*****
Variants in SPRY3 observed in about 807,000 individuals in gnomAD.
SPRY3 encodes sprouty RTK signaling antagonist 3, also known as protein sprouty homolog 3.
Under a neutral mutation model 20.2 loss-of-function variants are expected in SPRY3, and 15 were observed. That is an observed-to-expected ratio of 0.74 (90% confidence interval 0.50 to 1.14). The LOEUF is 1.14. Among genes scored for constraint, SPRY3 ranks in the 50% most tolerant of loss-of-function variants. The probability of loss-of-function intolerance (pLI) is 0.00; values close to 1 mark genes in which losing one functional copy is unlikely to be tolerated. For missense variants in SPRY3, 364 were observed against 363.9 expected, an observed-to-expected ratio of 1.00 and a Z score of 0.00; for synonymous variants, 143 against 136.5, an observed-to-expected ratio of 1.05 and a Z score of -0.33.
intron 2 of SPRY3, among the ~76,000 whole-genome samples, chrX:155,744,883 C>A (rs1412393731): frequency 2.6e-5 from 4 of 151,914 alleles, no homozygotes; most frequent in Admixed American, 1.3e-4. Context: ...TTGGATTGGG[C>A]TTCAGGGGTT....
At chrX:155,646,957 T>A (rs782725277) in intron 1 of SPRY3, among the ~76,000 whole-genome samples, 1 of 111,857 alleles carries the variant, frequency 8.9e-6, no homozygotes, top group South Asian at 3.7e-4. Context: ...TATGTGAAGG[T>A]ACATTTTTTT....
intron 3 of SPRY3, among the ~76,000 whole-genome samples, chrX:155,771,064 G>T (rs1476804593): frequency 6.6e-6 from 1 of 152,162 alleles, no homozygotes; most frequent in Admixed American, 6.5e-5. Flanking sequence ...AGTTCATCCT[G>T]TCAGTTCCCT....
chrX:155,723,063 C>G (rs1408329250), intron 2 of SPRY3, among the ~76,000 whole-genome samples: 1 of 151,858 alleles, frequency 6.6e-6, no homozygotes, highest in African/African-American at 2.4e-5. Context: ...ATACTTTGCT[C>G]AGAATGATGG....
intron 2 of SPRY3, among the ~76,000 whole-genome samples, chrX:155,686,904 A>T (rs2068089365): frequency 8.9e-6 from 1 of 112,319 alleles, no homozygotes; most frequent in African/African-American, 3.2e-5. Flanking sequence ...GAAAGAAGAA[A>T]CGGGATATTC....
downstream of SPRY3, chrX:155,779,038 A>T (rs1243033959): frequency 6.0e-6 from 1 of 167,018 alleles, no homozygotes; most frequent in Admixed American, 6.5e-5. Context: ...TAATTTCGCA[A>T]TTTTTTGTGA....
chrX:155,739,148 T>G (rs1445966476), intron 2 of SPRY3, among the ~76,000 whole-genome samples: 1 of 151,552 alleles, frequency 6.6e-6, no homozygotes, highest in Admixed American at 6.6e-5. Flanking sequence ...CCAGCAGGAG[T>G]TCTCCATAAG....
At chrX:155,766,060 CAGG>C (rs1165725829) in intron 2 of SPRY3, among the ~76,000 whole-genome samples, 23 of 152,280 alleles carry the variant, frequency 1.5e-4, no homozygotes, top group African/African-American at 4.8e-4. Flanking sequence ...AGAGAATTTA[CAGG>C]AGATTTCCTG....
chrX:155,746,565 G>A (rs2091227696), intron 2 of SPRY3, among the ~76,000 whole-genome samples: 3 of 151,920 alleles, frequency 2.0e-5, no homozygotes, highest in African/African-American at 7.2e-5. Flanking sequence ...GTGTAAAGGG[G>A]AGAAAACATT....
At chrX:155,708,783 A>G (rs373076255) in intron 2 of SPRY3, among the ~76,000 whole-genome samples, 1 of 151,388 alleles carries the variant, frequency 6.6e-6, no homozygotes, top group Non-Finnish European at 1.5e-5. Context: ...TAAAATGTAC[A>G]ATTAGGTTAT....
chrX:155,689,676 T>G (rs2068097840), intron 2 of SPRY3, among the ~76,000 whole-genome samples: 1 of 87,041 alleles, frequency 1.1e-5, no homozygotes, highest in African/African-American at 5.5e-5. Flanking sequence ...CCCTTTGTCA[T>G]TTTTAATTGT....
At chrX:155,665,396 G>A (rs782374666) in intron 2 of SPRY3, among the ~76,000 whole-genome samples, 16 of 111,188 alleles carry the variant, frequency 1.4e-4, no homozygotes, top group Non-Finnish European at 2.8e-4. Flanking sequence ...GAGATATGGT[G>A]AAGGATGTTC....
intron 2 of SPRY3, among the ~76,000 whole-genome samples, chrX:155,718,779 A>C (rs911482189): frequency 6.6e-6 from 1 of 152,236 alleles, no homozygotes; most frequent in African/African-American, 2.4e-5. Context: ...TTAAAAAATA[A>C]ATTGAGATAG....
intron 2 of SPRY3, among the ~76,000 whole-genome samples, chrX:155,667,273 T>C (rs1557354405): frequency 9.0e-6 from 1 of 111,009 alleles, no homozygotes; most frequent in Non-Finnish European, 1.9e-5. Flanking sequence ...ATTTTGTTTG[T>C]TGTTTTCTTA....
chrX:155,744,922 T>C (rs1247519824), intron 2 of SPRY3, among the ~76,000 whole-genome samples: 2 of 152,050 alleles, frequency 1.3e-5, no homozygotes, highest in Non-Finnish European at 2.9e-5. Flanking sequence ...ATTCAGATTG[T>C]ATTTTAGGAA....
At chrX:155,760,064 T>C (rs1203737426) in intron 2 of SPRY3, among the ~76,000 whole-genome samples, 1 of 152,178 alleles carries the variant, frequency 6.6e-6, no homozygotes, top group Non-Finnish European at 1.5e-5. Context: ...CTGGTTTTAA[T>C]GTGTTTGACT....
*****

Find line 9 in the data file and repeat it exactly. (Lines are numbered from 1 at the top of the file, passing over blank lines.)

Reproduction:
downstream of SPRY3, chrX:155,779,038 A>T (rs1243033959): frequency 6.0e-6 from 1 of 167,018 alleles, no homozygotes; most frequent in Admixed American, 6.5e-5. Context: ...TAATTTCGCA[A>T]TTTTTTGTGA....